Have you ever wondered how an author feels when she sits down to start another novel after writing a great book? It must be a scary moment. Can the new book hope to be as good as the last one? I rather imagine that Jeanette Baker may well have had some fears as she penned Irish Fire. Her previous book, Nell received almost universal raves (including a 5 Heart rating from TRR.) Indeed, just a few
days ago, Baker won her first Rita Award for Nell. Irish Fire was released on the heels of her victory.
Baker made a very wise choice when it came to the subject matter of her new book. Rather than revisiting “the troubles,” the subject of her last two books, she has written a much more traditional romance with a much more traditional setting. Irish Fire is set in the horse breeding and racing society of contemporary Ireland, with nary a
political problem in sight. If it lacks the unique power and immediacy of Nell and Irish Lady, it is nonetheless a most entertaining love story.
Caitlin Kenneally was born in the village of Kilcullen, in the heart of Irish racing country. A beautiful and brilliant girl, she had developed a fascination with horses. But in the Ireland of her youth, there had been no place for a woman in the racing world. So she had headed off for America where women like her could find work with the thoroughbreds she loves. There she had caught the attention of Sam Claiborne, scion
of one of Kentucky’s great racing families.
For fourteen years, she had lived a life of privilege, playing an important role in the work of the Claiborne stables. Now, she is back in Kilcullen, with her two children, Sam and Annie, and her mare, Kentucky Gold. Her marriage to Sam is over, destroyed by his drinking and womanizing. Her hopes for the future lie in the foal her mare is carrying, the get of the great stud, Triple Crown winner, Narragansett.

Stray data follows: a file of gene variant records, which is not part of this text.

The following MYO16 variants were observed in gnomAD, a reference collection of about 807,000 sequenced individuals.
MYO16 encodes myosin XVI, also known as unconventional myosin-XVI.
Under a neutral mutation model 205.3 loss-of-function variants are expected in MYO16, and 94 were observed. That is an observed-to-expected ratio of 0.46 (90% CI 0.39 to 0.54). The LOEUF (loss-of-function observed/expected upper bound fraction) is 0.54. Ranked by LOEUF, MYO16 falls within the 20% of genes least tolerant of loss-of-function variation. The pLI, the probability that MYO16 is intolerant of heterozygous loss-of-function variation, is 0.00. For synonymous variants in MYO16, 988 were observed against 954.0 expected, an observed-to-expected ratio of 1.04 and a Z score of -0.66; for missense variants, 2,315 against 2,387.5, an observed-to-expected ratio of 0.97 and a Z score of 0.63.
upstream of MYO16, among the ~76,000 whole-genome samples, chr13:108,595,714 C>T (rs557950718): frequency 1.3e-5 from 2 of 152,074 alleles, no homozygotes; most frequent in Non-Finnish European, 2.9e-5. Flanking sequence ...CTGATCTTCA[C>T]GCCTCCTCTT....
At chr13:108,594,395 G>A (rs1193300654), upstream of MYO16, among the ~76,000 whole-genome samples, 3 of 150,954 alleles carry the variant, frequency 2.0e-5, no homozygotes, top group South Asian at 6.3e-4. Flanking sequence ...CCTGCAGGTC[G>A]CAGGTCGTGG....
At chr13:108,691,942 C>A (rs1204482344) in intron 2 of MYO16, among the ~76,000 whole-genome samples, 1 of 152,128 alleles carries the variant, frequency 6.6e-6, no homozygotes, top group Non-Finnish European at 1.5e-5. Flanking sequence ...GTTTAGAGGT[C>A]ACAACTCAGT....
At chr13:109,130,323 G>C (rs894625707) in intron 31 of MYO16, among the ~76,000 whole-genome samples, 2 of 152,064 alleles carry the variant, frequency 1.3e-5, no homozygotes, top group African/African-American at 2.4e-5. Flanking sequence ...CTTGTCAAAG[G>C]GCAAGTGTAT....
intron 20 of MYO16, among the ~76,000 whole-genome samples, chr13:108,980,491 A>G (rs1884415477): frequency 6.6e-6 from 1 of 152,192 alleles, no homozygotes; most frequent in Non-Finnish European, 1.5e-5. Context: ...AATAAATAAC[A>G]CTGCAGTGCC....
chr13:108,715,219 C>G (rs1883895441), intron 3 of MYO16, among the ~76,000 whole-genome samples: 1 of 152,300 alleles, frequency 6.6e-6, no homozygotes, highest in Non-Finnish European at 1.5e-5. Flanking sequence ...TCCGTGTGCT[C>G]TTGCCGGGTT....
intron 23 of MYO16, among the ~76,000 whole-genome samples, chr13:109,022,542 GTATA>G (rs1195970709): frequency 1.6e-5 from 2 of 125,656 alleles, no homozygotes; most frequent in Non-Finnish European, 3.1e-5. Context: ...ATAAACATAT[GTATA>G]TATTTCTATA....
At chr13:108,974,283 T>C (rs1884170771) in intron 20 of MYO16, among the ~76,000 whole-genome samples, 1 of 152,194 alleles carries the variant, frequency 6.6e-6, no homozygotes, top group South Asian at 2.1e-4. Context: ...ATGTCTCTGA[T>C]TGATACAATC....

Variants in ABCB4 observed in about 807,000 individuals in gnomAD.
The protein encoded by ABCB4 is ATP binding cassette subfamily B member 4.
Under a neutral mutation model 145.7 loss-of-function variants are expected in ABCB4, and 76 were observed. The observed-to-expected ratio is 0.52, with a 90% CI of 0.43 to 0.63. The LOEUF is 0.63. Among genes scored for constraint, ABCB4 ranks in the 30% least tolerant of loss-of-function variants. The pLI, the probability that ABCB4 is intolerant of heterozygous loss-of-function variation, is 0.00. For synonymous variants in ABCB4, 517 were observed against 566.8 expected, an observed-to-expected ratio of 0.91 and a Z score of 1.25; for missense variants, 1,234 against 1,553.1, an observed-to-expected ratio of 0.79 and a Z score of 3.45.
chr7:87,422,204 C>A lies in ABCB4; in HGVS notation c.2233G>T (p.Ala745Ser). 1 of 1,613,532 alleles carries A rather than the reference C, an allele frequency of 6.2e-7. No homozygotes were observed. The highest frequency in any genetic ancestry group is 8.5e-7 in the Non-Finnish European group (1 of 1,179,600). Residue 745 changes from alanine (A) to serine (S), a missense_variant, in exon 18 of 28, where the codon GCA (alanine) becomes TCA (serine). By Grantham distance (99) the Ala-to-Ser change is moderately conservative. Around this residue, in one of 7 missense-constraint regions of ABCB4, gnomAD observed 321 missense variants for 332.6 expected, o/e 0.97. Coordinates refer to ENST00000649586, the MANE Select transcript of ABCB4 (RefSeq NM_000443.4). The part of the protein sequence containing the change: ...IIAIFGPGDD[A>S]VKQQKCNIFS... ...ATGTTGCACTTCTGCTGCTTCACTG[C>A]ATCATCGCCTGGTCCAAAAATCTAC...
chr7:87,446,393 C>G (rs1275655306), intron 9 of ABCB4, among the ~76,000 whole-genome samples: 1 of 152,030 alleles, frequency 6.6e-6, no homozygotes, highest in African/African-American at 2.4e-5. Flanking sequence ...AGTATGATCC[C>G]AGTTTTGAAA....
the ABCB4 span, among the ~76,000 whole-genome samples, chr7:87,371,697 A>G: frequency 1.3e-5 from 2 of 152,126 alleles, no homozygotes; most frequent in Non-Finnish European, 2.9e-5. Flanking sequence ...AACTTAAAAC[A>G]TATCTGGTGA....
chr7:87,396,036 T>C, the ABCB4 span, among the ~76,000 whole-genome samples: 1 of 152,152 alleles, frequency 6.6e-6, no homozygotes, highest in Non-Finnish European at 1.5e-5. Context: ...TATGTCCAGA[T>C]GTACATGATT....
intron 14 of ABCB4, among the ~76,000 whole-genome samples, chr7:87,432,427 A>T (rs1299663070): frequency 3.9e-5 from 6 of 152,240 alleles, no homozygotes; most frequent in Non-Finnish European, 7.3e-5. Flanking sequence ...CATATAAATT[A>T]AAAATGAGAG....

She has stabled Kentucky Gold at the famous Curragh stud farm. When the mare goes into labor prematurely and the vet is away, Caitlin rushes to her side, and delivers the colt with the aid of the farm manager, Brian Hennessey. Thus, she meets a man who is as dedicated to horses as she herself is.
Sam Claiborne is not pleased that his wife and children have fled to Ireland. He is particularly upset that she has taken the horse with her. While there is no doubt that the mare belongs to Caitlin, Sam desperately wants the colt, especially when his sire dies unexpectedly. And he doesn’t want his children so far away. Thus, Caitlin finds
herself involved in a custody battle, both for her children and for her horse.
Irish Fire is a complex and multilayered story. Yes, there is a lovely romance between Caitlin and Brian. But there is so much more. Baker excels in describing the many complex relationships that shape the lives of her characters. Particularly well drawn are the mother/daughter relationships. Caitlin has come home to live with her
mother Brigid, who was widowed before the birth of this, the last of her six daughters. They have always had a difficult relationship, borne of secrets more than thirty years old. Baker demonstrates great subtlety in portraying their interactions. Likewise, the author skillfully describes the problems that Caitlin has with her own daughter, ten year
old Annie. Annie has been uprooted from her familiar life. She misses her other grandmother and her father. She doesn’t understand the reasons that have led her mother to leave Kentucky and her beloved home. The difficult dynamics between this mother/daughter pair are equally well done.
Irish Fire is also a story of the challenge of going home again. Caitlin left Kilcullen a young, unsophisticated girl. She returns a very different woman. Her adjustment, and that of her neighbors, is nicely presented in the story.
Finally, Irish Fire offers an inside look into the world of horse racing and horse breeding. Secrets and dangers lie behind its glamorous surface, dangers that threaten Caitlin and her dreams of a new life.
Thus, I can say that Baker made a good choice when she chose to follow her great book with something quite different. If Irish Fire lacks the power of Nell, it is a very, very good and entertaining contemporary romance. I recommend it without reservation.